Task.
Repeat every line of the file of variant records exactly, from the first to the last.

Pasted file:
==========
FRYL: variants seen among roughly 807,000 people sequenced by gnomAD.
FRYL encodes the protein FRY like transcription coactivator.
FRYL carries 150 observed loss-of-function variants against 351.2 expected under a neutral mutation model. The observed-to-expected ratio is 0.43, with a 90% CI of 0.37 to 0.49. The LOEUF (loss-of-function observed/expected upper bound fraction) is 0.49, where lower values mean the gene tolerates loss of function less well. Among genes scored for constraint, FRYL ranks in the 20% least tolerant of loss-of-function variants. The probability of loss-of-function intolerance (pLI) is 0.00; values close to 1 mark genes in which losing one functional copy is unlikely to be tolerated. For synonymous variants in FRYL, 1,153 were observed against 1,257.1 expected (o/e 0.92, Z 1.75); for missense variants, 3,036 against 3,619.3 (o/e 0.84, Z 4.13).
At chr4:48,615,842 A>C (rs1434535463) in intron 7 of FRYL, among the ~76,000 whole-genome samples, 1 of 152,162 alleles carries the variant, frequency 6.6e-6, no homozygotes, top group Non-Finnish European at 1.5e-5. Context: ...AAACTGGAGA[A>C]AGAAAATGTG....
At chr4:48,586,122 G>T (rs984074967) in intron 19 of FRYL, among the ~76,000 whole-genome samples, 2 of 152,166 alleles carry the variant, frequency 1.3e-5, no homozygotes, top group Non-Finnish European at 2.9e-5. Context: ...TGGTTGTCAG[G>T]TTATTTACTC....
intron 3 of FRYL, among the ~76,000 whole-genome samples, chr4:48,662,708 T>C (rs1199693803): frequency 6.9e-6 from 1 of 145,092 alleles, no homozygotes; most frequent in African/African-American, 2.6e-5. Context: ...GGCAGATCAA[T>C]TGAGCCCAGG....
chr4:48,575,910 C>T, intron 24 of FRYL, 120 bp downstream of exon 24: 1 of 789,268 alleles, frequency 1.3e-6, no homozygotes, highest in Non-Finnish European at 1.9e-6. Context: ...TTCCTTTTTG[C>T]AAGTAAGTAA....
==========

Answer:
FRYL: variants seen among roughly 807,000 people sequenced by gnomAD.
FRYL encodes the protein FRY like transcription coactivator.
FRYL carries 150 observed loss-of-function variants against 351.2 expected under a neutral mutation model. The observed-to-expected ratio is 0.43, with a 90% CI of 0.37 to 0.49. The LOEUF (loss-of-function observed/expected upper bound fraction) is 0.49, where lower values mean the gene tolerates loss of function less well. Among genes scored for constraint, FRYL ranks in the 20% least tolerant of loss-of-function variants. The probability of loss-of-function intolerance (pLI) is 0.00; values close to 1 mark genes in which losing one functional copy is unlikely to be tolerated. For synonymous variants in FRYL, 1,153 were observed against 1,257.1 expected (o/e 0.92, Z 1.75); for missense variants, 3,036 against 3,619.3 (o/e 0.84, Z 4.13).
At chr4:48,615,842 A>C (rs1434535463) in intron 7 of FRYL, among the ~76,000 whole-genome samples, 1 of 152,162 alleles carries the variant, frequency 6.6e-6, no homozygotes, top group Non-Finnish European at 1.5e-5. Context: ...AAACTGGAGA[A>C]AGAAAATGTG....
At chr4:48,586,122 G>T (rs984074967) in intron 19 of FRYL, among the ~76,000 whole-genome samples, 2 of 152,166 alleles carry the variant, frequency 1.3e-5, no homozygotes, top group Non-Finnish European at 2.9e-5. Context: ...TGGTTGTCAG[G>T]TTATTTACTC....
intron 3 of FRYL, among the ~76,000 whole-genome samples, chr4:48,662,708 T>C (rs1199693803): frequency 6.9e-6 from 1 of 145,092 alleles, no homozygotes; most frequent in African/African-American, 2.6e-5. Context: ...GGCAGATCAA[T>C]TGAGCCCAGG....
chr4:48,575,910 C>T, intron 24 of FRYL, 120 bp downstream of exon 24: 1 of 789,268 alleles, frequency 1.3e-6, no homozygotes, highest in Non-Finnish European at 1.9e-6. Context: ...TTCCTTTTTG[C>T]AAGTAAGTAA....